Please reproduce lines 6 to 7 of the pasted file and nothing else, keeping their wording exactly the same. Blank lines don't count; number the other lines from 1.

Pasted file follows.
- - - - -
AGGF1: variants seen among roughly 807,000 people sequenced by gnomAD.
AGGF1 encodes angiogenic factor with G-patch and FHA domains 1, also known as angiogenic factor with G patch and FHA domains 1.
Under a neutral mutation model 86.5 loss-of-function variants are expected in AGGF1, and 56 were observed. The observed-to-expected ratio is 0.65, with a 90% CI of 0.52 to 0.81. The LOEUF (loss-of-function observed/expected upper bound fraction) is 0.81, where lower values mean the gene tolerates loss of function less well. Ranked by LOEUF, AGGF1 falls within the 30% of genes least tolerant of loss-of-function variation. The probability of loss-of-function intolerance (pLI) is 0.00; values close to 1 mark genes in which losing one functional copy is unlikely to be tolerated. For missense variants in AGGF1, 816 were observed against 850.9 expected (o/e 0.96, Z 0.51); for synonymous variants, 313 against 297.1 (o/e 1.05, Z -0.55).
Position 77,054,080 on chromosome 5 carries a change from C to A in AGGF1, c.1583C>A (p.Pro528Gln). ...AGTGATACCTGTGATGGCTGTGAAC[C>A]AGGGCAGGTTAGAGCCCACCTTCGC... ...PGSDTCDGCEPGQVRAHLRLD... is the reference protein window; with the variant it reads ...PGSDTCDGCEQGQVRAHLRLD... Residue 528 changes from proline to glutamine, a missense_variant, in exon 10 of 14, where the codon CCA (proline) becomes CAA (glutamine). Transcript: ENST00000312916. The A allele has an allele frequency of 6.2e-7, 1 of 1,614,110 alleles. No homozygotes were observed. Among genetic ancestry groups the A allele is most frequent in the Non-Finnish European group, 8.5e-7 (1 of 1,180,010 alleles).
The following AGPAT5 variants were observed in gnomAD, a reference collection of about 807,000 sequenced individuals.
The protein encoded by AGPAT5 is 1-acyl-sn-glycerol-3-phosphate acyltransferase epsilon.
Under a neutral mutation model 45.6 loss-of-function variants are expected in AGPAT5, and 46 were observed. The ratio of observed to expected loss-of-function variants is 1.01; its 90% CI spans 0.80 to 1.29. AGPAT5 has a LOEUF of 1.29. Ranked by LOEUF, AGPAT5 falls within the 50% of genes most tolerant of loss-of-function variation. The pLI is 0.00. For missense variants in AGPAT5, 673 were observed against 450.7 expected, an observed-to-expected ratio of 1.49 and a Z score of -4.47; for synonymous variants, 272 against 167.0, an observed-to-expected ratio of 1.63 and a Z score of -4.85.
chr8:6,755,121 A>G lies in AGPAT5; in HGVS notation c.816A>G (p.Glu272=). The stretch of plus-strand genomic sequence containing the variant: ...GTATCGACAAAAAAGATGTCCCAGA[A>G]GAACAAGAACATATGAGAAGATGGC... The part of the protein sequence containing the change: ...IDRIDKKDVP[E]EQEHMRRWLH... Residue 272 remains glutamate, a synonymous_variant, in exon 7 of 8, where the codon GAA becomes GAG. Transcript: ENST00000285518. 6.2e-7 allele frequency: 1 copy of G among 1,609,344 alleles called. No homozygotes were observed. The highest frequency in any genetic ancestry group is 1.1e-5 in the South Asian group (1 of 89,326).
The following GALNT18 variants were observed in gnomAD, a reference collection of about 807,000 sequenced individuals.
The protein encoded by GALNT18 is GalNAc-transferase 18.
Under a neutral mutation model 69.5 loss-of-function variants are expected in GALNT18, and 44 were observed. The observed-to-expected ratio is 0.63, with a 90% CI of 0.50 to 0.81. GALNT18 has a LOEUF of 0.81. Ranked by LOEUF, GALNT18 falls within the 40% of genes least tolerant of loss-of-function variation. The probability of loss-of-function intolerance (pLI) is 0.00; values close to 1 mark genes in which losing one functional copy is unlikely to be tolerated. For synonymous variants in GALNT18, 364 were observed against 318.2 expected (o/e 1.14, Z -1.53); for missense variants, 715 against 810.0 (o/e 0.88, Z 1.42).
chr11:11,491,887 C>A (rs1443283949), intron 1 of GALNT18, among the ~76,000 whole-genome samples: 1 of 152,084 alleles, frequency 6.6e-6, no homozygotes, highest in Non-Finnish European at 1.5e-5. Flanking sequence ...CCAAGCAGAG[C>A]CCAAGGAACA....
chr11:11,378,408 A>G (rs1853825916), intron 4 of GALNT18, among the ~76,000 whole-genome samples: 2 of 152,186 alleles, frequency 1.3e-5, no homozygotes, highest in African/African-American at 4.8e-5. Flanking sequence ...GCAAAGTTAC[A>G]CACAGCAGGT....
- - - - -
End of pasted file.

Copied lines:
The protein encoded by AGPAT5 is 1-acyl-sn-glycerol-3-phosphate acyltransferase epsilon.
Under a neutral mutation model 45.6 loss-of-function variants are expected in AGPAT5, and 46 were observed. The ratio of observed to expected loss-of-function variants is 1.01; its 90% CI spans 0.80 to 1.29. AGPAT5 has a LOEUF of 1.29. Ranked by LOEUF, AGPAT5 falls within the 50% of genes most tolerant of loss-of-function variation. The pLI is 0.00. For missense variants in AGPAT5, 673 were observed against 450.7 expected, an observed-to-expected ratio of 1.49 and a Z score of -4.47; for synonymous variants, 272 against 167.0, an observed-to-expected ratio of 1.63 and a Z score of -4.85.